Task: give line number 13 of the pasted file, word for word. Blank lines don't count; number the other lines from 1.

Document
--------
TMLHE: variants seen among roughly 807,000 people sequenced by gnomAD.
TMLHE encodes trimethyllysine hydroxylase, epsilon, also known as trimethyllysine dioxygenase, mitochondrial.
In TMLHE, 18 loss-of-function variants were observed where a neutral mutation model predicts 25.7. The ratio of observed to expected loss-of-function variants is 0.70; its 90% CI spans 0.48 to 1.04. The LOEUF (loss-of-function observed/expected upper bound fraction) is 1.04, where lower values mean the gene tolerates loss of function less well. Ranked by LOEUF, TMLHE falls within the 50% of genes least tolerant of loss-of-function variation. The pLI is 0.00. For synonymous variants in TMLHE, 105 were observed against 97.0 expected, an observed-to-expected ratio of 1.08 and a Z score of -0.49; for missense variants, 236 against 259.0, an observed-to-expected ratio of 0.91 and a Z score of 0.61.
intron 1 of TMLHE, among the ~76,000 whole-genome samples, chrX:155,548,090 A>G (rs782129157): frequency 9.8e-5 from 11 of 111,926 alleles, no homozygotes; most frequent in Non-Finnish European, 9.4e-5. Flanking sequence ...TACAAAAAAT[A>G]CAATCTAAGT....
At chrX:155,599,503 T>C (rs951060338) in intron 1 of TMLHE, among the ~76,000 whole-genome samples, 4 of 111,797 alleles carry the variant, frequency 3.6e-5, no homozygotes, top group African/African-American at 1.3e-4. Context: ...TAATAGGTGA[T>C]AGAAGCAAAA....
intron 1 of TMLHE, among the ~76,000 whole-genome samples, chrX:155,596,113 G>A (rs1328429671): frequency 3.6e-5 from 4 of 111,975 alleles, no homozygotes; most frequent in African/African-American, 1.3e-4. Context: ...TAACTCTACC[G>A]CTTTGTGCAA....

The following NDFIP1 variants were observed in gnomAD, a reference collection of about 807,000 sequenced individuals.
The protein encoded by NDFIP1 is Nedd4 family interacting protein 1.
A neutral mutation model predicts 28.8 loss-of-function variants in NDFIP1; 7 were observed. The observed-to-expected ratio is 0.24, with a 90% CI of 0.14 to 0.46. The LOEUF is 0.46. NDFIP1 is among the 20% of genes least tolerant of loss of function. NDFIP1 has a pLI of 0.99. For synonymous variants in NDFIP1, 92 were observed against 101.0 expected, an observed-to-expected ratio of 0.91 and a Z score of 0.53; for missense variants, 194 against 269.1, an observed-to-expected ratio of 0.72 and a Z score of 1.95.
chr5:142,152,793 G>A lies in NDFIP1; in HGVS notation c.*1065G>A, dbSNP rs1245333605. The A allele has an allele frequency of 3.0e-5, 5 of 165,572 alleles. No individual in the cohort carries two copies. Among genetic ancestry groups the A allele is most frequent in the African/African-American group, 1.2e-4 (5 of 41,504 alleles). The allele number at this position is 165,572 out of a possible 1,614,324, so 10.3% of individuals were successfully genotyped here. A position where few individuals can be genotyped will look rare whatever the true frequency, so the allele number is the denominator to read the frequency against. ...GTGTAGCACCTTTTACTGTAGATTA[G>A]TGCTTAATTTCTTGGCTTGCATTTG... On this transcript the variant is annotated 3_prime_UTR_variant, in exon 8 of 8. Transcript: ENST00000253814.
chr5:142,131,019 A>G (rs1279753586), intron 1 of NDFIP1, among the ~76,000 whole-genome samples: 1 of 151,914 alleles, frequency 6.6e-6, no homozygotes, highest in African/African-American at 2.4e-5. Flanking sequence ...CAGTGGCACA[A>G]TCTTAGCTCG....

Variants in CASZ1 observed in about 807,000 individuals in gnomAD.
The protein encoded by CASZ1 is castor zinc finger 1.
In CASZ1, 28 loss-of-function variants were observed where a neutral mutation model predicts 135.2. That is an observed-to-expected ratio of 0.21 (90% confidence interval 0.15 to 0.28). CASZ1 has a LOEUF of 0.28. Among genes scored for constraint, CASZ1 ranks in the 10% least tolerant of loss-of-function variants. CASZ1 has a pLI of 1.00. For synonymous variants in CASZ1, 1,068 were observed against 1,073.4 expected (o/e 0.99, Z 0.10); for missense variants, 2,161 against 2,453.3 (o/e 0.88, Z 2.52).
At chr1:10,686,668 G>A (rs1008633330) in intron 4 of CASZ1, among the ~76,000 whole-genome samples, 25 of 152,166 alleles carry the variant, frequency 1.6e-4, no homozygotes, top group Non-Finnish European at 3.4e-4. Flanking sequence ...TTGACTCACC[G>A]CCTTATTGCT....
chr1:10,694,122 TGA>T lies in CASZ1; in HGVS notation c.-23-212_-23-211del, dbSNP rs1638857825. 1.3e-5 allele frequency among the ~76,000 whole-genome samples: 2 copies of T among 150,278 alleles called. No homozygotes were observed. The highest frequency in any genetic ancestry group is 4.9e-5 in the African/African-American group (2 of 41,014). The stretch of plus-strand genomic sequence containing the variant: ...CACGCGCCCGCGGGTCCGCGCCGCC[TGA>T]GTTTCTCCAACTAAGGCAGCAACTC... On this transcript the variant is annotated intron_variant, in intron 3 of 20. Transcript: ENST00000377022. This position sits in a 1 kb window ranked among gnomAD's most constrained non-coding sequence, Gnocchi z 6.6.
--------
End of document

The protein encoded by CASZ1 is castor zinc finger 1.